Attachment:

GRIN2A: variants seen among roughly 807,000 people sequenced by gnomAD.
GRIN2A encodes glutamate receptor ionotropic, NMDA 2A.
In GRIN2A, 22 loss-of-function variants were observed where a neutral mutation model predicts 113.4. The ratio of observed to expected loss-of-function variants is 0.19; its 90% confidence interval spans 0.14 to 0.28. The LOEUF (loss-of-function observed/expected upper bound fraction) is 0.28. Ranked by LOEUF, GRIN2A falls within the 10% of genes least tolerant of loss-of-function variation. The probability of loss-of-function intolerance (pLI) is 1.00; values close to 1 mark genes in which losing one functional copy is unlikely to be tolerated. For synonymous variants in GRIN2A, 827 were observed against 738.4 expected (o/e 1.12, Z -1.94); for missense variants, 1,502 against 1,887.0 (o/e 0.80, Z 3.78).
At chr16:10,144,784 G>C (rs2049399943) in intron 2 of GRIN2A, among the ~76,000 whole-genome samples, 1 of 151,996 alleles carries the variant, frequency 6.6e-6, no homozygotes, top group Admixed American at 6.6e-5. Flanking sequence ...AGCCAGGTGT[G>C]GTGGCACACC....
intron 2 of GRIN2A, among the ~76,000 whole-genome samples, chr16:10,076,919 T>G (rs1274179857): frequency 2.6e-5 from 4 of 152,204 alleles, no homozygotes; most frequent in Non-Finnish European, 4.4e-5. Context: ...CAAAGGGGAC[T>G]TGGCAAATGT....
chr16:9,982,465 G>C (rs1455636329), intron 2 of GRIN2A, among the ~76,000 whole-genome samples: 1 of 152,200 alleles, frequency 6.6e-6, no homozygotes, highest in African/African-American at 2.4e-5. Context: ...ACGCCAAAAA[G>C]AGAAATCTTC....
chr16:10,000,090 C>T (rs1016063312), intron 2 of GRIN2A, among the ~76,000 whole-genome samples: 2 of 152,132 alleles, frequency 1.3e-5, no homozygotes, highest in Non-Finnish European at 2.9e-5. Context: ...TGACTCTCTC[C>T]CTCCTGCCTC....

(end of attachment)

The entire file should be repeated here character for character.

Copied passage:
GRIN2A: variants seen among roughly 807,000 people sequenced by gnomAD.
GRIN2A encodes glutamate receptor ionotropic, NMDA 2A.
In GRIN2A, 22 loss-of-function variants were observed where a neutral mutation model predicts 113.4. The ratio of observed to expected loss-of-function variants is 0.19; its 90% confidence interval spans 0.14 to 0.28. The LOEUF (loss-of-function observed/expected upper bound fraction) is 0.28. Ranked by LOEUF, GRIN2A falls within the 10% of genes least tolerant of loss-of-function variation. The probability of loss-of-function intolerance (pLI) is 1.00; values close to 1 mark genes in which losing one functional copy is unlikely to be tolerated. For synonymous variants in GRIN2A, 827 were observed against 738.4 expected (o/e 1.12, Z -1.94); for missense variants, 1,502 against 1,887.0 (o/e 0.80, Z 3.78).
At chr16:10,144,784 G>C (rs2049399943) in intron 2 of GRIN2A, among the ~76,000 whole-genome samples, 1 of 151,996 alleles carries the variant, frequency 6.6e-6, no homozygotes, top group Admixed American at 6.6e-5. Flanking sequence ...AGCCAGGTGT[G>C]GTGGCACACC....
intron 2 of GRIN2A, among the ~76,000 whole-genome samples, chr16:10,076,919 T>G (rs1274179857): frequency 2.6e-5 from 4 of 152,204 alleles, no homozygotes; most frequent in Non-Finnish European, 4.4e-5. Context: ...CAAAGGGGAC[T>G]TGGCAAATGT....
chr16:9,982,465 G>C (rs1455636329), intron 2 of GRIN2A, among the ~76,000 whole-genome samples: 1 of 152,200 alleles, frequency 6.6e-6, no homozygotes, highest in African/African-American at 2.4e-5. Context: ...ACGCCAAAAA[G>C]AGAAATCTTC....
chr16:10,000,090 C>T (rs1016063312), intron 2 of GRIN2A, among the ~76,000 whole-genome samples: 2 of 152,132 alleles, frequency 1.3e-5, no homozygotes, highest in Non-Finnish European at 2.9e-5. Context: ...TGACTCTCTC[C>T]CTCCTGCCTC....